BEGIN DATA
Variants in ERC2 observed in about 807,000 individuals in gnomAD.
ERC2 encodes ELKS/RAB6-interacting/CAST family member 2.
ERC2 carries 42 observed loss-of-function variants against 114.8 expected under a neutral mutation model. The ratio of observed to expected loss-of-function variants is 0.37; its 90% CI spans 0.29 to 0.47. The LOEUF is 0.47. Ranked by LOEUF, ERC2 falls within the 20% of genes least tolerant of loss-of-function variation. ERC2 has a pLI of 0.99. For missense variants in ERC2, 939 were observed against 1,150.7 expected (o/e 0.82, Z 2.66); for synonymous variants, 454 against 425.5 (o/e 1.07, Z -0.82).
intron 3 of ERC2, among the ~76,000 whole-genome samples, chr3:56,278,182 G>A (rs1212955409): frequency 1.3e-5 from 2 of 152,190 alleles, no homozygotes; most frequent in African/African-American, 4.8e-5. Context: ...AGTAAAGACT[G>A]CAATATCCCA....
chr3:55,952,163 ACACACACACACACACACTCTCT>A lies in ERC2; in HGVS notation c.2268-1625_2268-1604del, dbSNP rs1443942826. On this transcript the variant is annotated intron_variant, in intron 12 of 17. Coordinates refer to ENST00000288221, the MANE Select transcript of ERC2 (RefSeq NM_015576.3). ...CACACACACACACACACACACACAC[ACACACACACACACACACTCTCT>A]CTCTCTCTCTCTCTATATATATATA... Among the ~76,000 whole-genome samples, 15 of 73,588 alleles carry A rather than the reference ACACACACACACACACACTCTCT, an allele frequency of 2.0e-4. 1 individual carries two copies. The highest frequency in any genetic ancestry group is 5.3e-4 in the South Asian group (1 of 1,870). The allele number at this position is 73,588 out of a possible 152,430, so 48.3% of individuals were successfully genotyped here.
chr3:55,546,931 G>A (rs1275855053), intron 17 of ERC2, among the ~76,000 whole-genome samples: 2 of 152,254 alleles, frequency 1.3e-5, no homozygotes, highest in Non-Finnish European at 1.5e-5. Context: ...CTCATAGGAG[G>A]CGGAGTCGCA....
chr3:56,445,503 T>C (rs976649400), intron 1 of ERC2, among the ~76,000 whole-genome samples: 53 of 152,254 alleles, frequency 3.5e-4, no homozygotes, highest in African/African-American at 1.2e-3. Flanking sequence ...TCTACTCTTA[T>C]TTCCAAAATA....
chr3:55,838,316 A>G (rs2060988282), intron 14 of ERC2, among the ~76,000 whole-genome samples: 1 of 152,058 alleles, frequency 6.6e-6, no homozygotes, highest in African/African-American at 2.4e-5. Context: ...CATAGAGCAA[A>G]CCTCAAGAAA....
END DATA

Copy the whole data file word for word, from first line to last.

Variants in ERC2 observed in about 807,000 individuals in gnomAD.
ERC2 encodes ELKS/RAB6-interacting/CAST family member 2.
ERC2 carries 42 observed loss-of-function variants against 114.8 expected under a neutral mutation model. The ratio of observed to expected loss-of-function variants is 0.37; its 90% CI spans 0.29 to 0.47. The LOEUF is 0.47. Ranked by LOEUF, ERC2 falls within the 20% of genes least tolerant of loss-of-function variation. ERC2 has a pLI of 0.99. For missense variants in ERC2, 939 were observed against 1,150.7 expected (o/e 0.82, Z 2.66); for synonymous variants, 454 against 425.5 (o/e 1.07, Z -0.82).
intron 3 of ERC2, among the ~76,000 whole-genome samples, chr3:56,278,182 G>A (rs1212955409): frequency 1.3e-5 from 2 of 152,190 alleles, no homozygotes; most frequent in African/African-American, 4.8e-5. Context: ...AGTAAAGACT[G>A]CAATATCCCA....
chr3:55,952,163 ACACACACACACACACACTCTCT>A lies in ERC2; in HGVS notation c.2268-1625_2268-1604del, dbSNP rs1443942826. On this transcript the variant is annotated intron_variant, in intron 12 of 17. Coordinates refer to ENST00000288221, the MANE Select transcript of ERC2 (RefSeq NM_015576.3). ...CACACACACACACACACACACACAC[ACACACACACACACACACTCTCT>A]CTCTCTCTCTCTCTATATATATATA... Among the ~76,000 whole-genome samples, 15 of 73,588 alleles carry A rather than the reference ACACACACACACACACACTCTCT, an allele frequency of 2.0e-4. 1 individual carries two copies. The highest frequency in any genetic ancestry group is 5.3e-4 in the South Asian group (1 of 1,870). The allele number at this position is 73,588 out of a possible 152,430, so 48.3% of individuals were successfully genotyped here.
chr3:55,546,931 G>A (rs1275855053), intron 17 of ERC2, among the ~76,000 whole-genome samples: 2 of 152,254 alleles, frequency 1.3e-5, no homozygotes, highest in Non-Finnish European at 1.5e-5. Context: ...CTCATAGGAG[G>A]CGGAGTCGCA....
chr3:56,445,503 T>C (rs976649400), intron 1 of ERC2, among the ~76,000 whole-genome samples: 53 of 152,254 alleles, frequency 3.5e-4, no homozygotes, highest in African/African-American at 1.2e-3. Flanking sequence ...TCTACTCTTA[T>C]TTCCAAAATA....
chr3:55,838,316 A>G (rs2060988282), intron 14 of ERC2, among the ~76,000 whole-genome samples: 1 of 152,058 alleles, frequency 6.6e-6, no homozygotes, highest in African/African-American at 2.4e-5. Context: ...CATAGAGCAA[A>G]CCTCAAGAAA....